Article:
Well, I'd say "fewer men should die" if I were going to make that statement.

It turns out, actually, that certain jobs are dangerous and unpleasant, and men seem to self-select for these jobs more often than do females.

There are a number of interesting possible explanations for this, but none of them are terribly surprising unless you've thought for most of your conscious life that the two genders are truly and completely identical, and any differences are only the result of social conditioning.

Of course, this is absurd.

Biologically, men are expendable and women are not. Biologically, the humans of today come from a narrower range of paternal ancestors, because human breeding was selective. Men who had power, prowess, ambition, and ruthlessness passed on their genes AND shaped the socities that men and women lived in.

In considering distributions of male size, strength, intelligence, and so on, the distributions are wider than when considering females. The smartest men appear to be much smarter than the smartest women; the dumbest men appear to be much dumber than the dumbest women.

Males simply have higher expressed variability.

Men need less sleep than women; men are not as attuned to empathy as are women; men engage in much riskier behavior than do women, and their neural reward and risk center works differently than it does in women.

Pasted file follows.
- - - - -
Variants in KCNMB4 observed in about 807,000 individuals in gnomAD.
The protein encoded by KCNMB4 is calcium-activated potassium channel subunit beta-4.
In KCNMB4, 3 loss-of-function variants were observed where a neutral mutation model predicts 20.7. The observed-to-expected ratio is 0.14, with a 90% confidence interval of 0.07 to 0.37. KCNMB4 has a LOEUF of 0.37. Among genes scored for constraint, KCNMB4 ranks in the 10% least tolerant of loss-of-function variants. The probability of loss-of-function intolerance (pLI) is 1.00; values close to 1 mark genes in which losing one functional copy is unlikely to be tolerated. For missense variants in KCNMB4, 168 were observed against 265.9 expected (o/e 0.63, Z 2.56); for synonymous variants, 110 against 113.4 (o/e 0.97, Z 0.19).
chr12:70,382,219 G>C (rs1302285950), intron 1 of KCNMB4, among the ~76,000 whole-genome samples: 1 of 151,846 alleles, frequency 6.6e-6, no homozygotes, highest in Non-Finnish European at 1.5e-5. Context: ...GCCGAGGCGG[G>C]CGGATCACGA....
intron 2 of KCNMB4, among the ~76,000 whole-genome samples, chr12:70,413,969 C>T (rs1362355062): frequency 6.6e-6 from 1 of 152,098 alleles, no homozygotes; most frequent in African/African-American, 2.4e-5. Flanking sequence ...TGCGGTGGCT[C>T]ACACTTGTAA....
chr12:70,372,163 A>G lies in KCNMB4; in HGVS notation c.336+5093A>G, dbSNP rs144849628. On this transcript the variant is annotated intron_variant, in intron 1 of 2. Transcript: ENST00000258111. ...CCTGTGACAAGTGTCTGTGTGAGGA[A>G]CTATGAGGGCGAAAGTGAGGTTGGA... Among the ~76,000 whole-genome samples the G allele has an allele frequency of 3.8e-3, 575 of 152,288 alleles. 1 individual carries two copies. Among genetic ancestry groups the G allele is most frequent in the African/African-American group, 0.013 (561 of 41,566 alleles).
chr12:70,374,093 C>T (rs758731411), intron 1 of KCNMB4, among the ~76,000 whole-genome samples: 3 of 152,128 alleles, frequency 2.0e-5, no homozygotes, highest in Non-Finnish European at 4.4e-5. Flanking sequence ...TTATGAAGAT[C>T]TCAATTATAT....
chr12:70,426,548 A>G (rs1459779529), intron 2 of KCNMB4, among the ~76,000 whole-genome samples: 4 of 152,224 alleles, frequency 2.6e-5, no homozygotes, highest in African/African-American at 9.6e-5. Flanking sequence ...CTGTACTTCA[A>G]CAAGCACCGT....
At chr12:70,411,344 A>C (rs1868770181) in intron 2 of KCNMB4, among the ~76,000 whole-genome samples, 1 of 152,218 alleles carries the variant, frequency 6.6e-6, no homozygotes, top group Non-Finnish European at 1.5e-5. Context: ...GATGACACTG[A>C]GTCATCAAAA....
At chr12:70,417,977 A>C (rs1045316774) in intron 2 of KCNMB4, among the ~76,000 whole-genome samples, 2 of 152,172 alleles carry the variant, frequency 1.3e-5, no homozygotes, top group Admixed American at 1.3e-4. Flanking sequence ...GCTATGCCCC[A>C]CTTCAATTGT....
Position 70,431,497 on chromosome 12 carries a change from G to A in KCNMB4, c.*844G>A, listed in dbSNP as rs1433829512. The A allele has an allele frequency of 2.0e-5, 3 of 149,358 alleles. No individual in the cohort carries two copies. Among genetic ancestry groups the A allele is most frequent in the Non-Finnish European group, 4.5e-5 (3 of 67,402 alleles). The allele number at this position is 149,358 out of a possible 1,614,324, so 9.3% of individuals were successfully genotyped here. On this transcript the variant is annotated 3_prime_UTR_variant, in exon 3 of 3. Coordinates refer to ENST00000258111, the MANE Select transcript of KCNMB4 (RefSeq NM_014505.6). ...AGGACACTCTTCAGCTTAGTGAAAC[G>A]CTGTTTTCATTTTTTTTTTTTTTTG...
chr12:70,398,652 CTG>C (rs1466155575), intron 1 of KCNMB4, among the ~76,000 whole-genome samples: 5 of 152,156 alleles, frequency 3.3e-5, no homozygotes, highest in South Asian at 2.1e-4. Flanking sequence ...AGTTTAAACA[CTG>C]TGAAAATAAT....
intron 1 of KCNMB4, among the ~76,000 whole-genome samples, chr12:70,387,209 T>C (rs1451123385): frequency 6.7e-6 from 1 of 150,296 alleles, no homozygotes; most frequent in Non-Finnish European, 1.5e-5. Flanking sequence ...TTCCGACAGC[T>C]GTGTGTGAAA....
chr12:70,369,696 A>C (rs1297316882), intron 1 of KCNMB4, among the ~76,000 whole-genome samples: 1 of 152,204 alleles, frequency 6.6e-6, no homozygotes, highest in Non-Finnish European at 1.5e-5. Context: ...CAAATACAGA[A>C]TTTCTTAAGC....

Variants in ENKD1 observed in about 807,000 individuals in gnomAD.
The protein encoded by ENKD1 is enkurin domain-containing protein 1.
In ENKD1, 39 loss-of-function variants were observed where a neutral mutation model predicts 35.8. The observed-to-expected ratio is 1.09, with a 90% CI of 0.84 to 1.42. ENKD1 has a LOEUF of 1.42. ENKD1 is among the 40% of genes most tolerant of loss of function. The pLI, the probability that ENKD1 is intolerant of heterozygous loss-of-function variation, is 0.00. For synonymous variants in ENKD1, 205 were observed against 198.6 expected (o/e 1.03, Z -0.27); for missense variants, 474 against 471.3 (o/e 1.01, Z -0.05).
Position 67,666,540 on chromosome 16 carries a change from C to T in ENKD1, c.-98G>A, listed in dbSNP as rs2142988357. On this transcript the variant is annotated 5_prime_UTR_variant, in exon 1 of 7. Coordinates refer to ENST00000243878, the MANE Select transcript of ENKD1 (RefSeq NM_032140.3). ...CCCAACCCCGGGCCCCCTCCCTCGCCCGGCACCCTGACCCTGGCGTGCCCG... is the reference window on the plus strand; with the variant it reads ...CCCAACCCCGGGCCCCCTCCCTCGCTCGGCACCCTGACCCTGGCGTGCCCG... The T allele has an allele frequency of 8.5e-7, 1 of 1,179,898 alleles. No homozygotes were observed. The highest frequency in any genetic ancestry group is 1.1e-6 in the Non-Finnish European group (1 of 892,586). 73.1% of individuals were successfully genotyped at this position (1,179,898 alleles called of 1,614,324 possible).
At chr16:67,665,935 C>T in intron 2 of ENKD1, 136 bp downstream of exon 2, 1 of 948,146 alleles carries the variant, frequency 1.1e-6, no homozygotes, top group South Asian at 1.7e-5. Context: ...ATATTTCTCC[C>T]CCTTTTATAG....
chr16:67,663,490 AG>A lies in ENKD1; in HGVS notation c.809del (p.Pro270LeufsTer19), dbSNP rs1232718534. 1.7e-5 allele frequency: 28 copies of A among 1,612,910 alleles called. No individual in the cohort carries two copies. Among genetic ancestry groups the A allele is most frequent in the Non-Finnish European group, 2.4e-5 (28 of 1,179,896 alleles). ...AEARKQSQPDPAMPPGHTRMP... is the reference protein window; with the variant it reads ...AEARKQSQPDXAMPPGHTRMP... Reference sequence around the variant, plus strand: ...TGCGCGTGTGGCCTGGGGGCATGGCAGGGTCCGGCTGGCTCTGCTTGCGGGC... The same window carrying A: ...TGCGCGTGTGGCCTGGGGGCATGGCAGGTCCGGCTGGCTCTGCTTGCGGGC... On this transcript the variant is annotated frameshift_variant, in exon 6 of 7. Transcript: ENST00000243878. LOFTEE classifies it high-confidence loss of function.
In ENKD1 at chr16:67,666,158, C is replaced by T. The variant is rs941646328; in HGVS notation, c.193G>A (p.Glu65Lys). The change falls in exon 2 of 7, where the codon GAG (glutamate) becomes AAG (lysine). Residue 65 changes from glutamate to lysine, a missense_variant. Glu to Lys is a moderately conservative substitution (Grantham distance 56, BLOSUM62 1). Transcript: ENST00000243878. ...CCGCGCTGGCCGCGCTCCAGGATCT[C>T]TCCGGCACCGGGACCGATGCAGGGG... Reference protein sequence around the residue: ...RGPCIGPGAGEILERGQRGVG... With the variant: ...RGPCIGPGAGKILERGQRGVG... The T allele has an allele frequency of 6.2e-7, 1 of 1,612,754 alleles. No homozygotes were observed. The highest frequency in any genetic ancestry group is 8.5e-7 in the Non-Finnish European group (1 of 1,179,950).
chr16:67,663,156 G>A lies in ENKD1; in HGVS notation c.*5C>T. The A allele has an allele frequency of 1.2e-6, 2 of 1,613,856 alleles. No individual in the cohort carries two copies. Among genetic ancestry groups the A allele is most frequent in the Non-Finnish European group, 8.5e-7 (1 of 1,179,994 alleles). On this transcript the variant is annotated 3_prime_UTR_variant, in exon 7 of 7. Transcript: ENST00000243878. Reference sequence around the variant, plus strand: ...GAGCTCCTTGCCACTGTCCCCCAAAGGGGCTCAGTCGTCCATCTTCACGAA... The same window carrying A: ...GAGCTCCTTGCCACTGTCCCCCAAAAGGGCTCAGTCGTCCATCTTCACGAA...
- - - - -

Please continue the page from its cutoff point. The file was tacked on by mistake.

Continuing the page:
You can continue to pretend that gender is a social construct, or that male and female distributions and outcomes should be identical, but here on the real world, they aren't and they won't be.

In the event that any public entity (e.g. a government) has a policy that would prevent an individual woman from doing some job merely on account of her being a woman, we should repeal that policy.

In the event that any private entity (e.g. a business) has a policy that would prevent an individual woman from doing some job merely on account of her being a woman, we should think that business owner is a jerk.

Individuals in a free society should be free to do as they like.

But what we should stop assuming is that men and women are interchangeable and will have broadly identical social preferences and outcomes.

They won't, and that's not because anything is standing in their way. They're just different.

By Nature.

Comment: Re:Can we stop trying to come up with a reason? (Score 3, Insightful) 786

by bmajik (#48198409) Attached to: NPR: '80s Ads Are Responsible For the Lack of Women Coders

In your view, is it a problem that men are nearly 10x as likely as women to die on the job?

What systemic factors should we address so that the number of women dying in mine cave-ins rises to equal the number of men?

Oh, this isn't a priority for you? Why not?

"Laugh while you can, monkey-boy." -- Dr. Emilio Lizardo